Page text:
Injured at Work? Now What?Written on November 12, 2015
Injured at Work? Now What? Getting hurt on the job can range from a slight inconvenience to a horrible ordeal, especially if you miss work due to your injuries. Add on a family that is depending on your paycheck, and you can have a nightmare on your hands if you try to handle it yourself.
If you do get hurt at work, first make sure you are safe and out of danger. If your injuries are serious, don’t hesitate to call an ambulance while at work and/or go to the doctor later if necessary. Be sure that your direct supervisor is made aware of the situation so that an accident report can be filed. If one is not offered, insist that one is completed and be sure to keep your copy.
It is a good idea to get a full checkup after a work injury so that it can be documented that you are in good health and can be released to regular work activities. If your work involves physical labor, this is especially true. If you cannot go back to work, you will need the doctor’s report to substantiate your injuries. You must keep good records of your medical visits, including what the doctors.
Remember that details matter! As soon as possible after the accident, start taking notes and keep a timeline of the events. No matter how insignificant they may seem at the time, write down anything and everything that comes to mind including:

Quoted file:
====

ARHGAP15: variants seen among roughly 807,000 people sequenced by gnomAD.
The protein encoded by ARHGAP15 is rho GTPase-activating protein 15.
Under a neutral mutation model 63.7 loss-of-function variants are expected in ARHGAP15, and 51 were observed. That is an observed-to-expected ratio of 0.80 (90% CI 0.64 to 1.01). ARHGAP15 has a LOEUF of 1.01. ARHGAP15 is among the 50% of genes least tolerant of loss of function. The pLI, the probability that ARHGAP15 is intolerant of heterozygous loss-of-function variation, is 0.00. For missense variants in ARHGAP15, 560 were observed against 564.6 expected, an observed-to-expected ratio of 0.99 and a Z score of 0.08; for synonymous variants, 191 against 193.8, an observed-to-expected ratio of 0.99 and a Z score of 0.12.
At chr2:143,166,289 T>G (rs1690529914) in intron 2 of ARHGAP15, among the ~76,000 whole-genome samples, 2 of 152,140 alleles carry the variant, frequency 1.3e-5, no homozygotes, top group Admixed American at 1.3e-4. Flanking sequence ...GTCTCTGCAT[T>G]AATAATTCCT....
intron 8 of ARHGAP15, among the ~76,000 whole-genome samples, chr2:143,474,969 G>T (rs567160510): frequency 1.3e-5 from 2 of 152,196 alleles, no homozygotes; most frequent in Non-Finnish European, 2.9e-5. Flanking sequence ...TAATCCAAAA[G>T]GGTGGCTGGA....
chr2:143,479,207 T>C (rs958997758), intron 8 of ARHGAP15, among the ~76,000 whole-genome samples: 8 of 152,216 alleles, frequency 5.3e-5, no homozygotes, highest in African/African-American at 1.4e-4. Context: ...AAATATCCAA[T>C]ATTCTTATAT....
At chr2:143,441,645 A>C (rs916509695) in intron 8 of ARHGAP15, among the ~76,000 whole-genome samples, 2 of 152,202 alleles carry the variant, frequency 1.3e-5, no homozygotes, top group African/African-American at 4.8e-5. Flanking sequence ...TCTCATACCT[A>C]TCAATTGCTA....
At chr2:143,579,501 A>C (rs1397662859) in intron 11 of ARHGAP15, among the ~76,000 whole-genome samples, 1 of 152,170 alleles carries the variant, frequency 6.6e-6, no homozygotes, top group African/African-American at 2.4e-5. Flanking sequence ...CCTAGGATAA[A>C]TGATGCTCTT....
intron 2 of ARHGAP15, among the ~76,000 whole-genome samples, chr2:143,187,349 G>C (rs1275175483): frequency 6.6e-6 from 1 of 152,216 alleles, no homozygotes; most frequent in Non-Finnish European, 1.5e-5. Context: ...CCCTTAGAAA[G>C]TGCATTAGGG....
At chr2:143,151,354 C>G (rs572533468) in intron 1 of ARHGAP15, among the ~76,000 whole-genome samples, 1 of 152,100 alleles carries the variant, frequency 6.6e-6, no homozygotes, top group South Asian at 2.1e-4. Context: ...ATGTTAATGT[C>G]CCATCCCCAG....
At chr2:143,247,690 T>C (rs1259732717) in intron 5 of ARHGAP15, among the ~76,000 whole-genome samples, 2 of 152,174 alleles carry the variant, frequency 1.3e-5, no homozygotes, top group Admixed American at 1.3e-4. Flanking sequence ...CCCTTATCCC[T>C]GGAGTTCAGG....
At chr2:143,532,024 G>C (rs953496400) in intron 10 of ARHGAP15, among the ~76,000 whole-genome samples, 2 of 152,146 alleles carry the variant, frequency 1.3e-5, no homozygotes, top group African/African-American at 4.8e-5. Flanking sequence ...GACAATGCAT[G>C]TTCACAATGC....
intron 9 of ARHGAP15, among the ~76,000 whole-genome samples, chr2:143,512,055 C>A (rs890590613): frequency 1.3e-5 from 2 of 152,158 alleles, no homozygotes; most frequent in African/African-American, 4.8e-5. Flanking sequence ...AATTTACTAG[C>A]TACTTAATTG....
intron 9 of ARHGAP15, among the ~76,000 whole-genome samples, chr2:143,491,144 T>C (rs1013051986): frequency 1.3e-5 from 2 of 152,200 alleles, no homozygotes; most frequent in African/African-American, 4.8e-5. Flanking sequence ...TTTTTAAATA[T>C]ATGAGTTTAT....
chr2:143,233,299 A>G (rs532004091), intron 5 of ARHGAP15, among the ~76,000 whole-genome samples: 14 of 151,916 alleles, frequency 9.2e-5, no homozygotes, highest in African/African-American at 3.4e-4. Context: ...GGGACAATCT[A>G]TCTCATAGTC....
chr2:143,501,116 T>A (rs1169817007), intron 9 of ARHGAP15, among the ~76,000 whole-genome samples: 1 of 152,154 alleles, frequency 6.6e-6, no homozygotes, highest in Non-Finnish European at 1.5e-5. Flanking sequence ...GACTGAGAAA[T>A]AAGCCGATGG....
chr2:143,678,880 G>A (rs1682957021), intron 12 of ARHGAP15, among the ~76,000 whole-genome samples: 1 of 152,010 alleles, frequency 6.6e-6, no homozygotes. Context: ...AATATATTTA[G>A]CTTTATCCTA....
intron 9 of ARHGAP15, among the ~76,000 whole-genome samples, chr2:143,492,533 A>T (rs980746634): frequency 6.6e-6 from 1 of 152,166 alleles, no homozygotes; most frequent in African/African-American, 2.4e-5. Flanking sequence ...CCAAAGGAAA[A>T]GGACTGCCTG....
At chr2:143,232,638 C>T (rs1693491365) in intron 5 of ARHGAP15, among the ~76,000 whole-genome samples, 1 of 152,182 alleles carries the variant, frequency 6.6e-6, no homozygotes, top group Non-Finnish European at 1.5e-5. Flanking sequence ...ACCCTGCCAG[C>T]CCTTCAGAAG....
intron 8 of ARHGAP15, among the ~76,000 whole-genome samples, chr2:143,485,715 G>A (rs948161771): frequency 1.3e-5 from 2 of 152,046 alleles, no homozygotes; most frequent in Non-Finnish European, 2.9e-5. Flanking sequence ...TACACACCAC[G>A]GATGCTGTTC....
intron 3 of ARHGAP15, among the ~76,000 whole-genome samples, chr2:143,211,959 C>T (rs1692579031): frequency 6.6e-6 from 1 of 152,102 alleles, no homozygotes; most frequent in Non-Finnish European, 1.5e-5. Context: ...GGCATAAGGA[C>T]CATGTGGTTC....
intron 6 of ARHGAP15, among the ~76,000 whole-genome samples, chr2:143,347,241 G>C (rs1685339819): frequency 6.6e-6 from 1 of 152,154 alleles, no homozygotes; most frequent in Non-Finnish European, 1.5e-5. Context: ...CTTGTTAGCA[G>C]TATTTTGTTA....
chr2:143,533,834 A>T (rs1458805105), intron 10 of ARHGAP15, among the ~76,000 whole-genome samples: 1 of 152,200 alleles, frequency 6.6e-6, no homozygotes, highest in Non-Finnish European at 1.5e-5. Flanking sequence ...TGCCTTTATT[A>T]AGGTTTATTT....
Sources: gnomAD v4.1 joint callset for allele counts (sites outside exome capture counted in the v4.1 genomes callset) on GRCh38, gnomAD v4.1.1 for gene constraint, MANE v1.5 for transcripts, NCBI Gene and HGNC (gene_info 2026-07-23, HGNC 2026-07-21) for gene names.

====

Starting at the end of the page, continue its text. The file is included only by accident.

• Exactly what happened when you sustained your injury
• Where you were when it happened
• The time the incident took place
• Other people who were present or involved
• Document all doctor visits
• Keep all medical reports and statements
Again, don’t hesitate to receive medical care if your injuries are serious. Keep track of everything including mileage to and from doctor’s appointments, itemized bills from your medical provider, and even a diary of your progress. Remember that health insurance companies have their own attorneys, and keep in mind that they don’t necessarily have your best interest at heart. Never sign any kind of release or statement without speaking to an attorney first, and don’t speak to anyone other than your immediate family, doctor, and attorney about your case.